The U.N. General Assembly unanimously adopted a resolution aimed at protecting the right to privacy against unlawful surveillance in the digital age on Wednesday in the most vocal global criticism of U.S. eavesdropping.
Germany and Brazil introduced the resolution following a series of reports of U.S. surveillance, interception, and data collection abroad—including on Brazil's President Dilma Rousseff and German Chancellor Angela Merkel—that surprised and angered friends and allies.
The resolution "affirms that the same rights that people have offline must also be protected online, including the right to privacy."
It calls on the 193 U.N. member states "to respect and protect the right to privacy, including in the context of digital communication," to take measures to end violations of those rights, and to prevent such violations including by ensuring that national legislation complies with international human rights law.
It also calls on all countries "to review their procedures, practices and legislation regarding the surveillance of communications, their interception and collection of personal data, including mass surveillance, interception and collection, with a view to upholding the right to privacy of all their obligations under international human rights law."
The resolution calls on U.N. members to establish or maintain independent and effective oversight methods to ensure transparency, when appropriate, and accountability for state surveillance of communications, their interception and collection of personal data.
General Assembly resolutions are not legally binding but they do reflect world opinion and carry political weight.
Brazil's Rousseff canceled a state visit to Washington after classified documents leaked by former National Security Agency analyst Edward Snowden. The documents revealed Brazil is the top NSA target in Latin America, with spying that has included the monitoring of Rousseff's cellphone and hacking into the internal network of state-run oil company Petrobras.
Merkel and other European leaders also expressed anger after reports that the NSA allegedly monitored Merkel's cell phone and swept up millions of French telephone records.
The United States did not fight the measure after it engaged in lobbying with Britain, Canada, Australia and New Zealand, which comprise the "Five Eyes" intelligence-sharing group, to dilute some of the original draft resolution's language.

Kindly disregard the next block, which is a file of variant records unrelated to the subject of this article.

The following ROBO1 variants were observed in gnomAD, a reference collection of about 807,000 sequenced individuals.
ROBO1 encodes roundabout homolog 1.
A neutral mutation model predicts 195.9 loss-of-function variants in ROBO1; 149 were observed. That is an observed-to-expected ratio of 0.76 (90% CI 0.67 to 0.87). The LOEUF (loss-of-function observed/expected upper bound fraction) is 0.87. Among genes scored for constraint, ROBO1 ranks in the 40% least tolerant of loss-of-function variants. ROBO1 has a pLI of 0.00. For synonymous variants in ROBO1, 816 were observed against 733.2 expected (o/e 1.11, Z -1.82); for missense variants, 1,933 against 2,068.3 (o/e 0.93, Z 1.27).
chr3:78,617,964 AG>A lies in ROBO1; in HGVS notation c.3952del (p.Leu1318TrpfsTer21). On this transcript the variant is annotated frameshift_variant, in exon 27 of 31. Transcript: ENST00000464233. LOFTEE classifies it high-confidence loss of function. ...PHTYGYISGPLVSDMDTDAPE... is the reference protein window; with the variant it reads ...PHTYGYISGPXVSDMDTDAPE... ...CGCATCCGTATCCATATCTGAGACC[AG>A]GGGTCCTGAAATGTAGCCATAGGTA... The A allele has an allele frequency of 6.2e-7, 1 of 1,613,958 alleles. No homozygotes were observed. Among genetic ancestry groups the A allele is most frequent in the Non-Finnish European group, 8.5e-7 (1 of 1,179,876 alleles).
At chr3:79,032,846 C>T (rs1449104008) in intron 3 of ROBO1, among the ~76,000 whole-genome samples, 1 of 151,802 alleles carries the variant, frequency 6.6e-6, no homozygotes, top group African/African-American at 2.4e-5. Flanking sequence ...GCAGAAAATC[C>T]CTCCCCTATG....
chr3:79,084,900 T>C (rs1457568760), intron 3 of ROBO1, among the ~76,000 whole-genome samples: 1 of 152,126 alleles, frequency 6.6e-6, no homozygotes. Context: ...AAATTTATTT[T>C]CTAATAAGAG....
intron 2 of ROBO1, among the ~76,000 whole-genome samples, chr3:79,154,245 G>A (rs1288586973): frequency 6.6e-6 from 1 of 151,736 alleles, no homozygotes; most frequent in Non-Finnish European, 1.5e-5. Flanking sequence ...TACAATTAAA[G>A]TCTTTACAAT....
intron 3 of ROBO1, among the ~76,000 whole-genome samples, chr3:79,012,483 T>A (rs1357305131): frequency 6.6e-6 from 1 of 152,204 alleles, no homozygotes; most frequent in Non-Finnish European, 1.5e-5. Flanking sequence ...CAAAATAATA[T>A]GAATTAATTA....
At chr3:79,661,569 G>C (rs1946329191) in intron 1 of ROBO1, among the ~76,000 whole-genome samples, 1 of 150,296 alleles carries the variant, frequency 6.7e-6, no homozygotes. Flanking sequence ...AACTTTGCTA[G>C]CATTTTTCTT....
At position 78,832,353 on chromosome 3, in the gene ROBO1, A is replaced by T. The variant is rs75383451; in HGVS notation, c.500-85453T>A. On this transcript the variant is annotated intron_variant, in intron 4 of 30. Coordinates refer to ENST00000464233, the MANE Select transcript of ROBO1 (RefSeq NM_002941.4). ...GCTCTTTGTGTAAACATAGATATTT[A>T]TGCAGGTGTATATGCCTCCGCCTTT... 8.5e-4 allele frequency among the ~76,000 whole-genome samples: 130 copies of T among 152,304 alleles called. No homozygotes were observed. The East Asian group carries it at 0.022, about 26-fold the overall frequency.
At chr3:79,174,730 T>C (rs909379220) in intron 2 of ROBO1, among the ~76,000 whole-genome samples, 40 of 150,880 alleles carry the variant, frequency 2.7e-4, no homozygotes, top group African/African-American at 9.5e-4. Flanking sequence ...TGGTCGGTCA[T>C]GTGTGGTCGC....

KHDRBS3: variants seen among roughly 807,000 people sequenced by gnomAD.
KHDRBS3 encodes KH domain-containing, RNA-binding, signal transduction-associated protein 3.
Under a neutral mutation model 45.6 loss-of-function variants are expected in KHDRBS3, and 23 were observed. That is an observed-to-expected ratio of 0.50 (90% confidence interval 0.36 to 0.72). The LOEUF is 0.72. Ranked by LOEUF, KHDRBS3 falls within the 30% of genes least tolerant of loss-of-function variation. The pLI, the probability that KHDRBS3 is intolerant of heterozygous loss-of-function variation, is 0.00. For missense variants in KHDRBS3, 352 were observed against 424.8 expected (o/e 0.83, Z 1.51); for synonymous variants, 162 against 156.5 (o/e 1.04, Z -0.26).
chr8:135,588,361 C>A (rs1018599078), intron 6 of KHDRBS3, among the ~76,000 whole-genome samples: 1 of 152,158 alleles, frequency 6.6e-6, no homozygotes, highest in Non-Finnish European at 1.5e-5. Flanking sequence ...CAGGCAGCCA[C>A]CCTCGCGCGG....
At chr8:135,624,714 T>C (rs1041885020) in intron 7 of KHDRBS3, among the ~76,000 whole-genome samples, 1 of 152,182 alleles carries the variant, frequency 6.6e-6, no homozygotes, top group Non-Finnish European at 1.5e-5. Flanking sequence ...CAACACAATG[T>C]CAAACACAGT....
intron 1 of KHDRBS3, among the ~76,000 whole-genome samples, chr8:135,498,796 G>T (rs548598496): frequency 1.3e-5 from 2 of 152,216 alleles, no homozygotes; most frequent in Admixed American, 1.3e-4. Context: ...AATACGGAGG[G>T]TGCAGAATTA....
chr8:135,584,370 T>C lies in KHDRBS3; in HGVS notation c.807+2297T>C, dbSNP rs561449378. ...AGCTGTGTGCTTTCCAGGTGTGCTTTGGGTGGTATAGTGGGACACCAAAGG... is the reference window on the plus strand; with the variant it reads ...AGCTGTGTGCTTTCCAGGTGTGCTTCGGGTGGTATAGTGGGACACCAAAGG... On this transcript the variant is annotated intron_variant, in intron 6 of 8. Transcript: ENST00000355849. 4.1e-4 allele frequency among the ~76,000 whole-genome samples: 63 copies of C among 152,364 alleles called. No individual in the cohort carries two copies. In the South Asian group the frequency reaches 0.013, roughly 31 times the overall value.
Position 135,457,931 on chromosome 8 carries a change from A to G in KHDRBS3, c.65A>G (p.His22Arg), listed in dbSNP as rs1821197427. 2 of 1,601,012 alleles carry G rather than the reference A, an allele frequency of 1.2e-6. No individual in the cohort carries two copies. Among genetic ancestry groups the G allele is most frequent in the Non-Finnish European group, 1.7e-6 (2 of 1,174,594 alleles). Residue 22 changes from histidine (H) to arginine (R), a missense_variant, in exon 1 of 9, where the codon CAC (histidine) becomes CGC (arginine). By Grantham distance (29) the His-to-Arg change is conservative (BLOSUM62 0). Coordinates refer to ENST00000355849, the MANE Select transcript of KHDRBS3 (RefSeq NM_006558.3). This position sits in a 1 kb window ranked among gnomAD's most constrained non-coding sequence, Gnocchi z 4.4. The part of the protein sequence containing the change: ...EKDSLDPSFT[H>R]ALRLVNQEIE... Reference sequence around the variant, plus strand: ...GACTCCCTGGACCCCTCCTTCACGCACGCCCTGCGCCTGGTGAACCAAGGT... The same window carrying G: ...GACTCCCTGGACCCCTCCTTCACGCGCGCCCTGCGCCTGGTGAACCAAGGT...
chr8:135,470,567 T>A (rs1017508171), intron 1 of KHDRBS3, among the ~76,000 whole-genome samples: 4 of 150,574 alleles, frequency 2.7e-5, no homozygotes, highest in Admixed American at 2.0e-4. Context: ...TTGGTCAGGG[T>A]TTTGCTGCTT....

The key compromise dropped the contention that the domestic and international interception and collection of communications and personal data, "in particular massive surveillance," may constitute a human rights violation.
The resolution instead expresses deep concern at "the negative impact" that such surveillance, "in particular when carried out on a mass scale, may have on the exercise and enjoyment of human rights."
It directs U.N. human rights chief Navi Pillay to report to the Human Rights Council and the General Assembly on the protection and promotion of privacy "in the context of domestic and extraterritorial surveillance ... including on a mass scale."
Cynthia Wong, senior Internet researcher at Human Rights Watch, and Jamil Dakwar, director of the American Civil Liberties Union's Human Rights Program, welcomed the resolution's unanimous adoption.
"With the Internet age quickly becoming a golden age for surveillance," Wong said, "this resolution is a critical first step that puts mass surveillance squarely on the international agenda."
"Given the scale of snooping that technology now enables, all states should modernize privacy protections or we risk undermining the Internet's potential as a tool for advancing human rights," she said.
Dakwar said that while somewhat watered down, "the measure still sends a strong message to the United States that it's time to reverse course and end NSA dragnet surveillance."
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